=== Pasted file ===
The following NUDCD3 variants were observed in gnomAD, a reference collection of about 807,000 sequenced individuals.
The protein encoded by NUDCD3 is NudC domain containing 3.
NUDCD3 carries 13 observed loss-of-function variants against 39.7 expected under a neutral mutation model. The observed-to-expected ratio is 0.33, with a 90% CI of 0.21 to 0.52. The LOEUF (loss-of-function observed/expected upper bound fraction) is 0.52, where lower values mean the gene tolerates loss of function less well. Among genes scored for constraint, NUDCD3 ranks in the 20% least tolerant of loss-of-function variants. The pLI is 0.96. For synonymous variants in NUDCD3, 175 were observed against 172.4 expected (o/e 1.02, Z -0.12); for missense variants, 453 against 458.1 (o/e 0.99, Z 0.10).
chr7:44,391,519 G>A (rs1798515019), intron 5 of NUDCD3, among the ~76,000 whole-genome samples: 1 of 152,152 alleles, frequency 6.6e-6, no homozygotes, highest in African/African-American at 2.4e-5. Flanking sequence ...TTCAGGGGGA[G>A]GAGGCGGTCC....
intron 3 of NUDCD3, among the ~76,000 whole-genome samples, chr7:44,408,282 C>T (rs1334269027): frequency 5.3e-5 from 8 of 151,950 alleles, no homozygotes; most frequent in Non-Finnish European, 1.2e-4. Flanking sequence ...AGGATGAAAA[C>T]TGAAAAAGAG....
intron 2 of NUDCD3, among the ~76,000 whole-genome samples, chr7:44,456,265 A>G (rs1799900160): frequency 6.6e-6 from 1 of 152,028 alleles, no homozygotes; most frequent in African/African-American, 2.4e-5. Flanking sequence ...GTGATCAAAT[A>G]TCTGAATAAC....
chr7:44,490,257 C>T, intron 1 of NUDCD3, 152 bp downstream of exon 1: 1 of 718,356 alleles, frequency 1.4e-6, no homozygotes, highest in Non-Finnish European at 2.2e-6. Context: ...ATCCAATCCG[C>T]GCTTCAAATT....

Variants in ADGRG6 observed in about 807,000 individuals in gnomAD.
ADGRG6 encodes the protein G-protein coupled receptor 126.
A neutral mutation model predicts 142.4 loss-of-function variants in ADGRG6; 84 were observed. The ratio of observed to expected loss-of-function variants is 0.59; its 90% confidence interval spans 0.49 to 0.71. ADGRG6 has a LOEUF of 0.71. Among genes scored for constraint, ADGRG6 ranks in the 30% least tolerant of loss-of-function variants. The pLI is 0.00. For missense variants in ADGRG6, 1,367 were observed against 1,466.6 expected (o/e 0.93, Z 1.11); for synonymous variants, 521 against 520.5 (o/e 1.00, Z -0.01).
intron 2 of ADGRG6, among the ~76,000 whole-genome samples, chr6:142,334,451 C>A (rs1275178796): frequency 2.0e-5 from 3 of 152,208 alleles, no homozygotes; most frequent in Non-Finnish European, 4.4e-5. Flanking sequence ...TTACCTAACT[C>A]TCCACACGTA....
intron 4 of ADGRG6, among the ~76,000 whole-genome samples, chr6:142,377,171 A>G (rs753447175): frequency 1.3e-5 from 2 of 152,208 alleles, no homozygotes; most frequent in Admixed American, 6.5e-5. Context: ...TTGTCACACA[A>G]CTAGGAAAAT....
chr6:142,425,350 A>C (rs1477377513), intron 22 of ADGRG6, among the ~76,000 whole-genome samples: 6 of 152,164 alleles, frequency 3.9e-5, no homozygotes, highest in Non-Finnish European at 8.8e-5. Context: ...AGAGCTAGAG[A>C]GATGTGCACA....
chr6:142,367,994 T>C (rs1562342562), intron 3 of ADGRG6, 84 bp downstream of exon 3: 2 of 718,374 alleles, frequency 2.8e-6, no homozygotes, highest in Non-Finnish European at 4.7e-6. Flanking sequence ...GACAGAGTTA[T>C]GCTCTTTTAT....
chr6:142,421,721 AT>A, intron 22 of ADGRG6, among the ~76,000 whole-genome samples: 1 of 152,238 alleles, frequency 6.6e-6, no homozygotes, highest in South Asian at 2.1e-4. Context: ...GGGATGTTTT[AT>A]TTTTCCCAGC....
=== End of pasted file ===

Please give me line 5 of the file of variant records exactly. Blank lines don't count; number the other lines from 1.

intron 3 of NUDCD3, among the ~76,000 whole-genome samples, chr7:44,408,282 C>T (rs1334269027): frequency 5.3e-5 from 8 of 151,950 alleles, no homozygotes; most frequent in Non-Finnish European, 1.2e-4. Flanking sequence ...AGGATGAAAA[C>T]TGAAAAAGAG....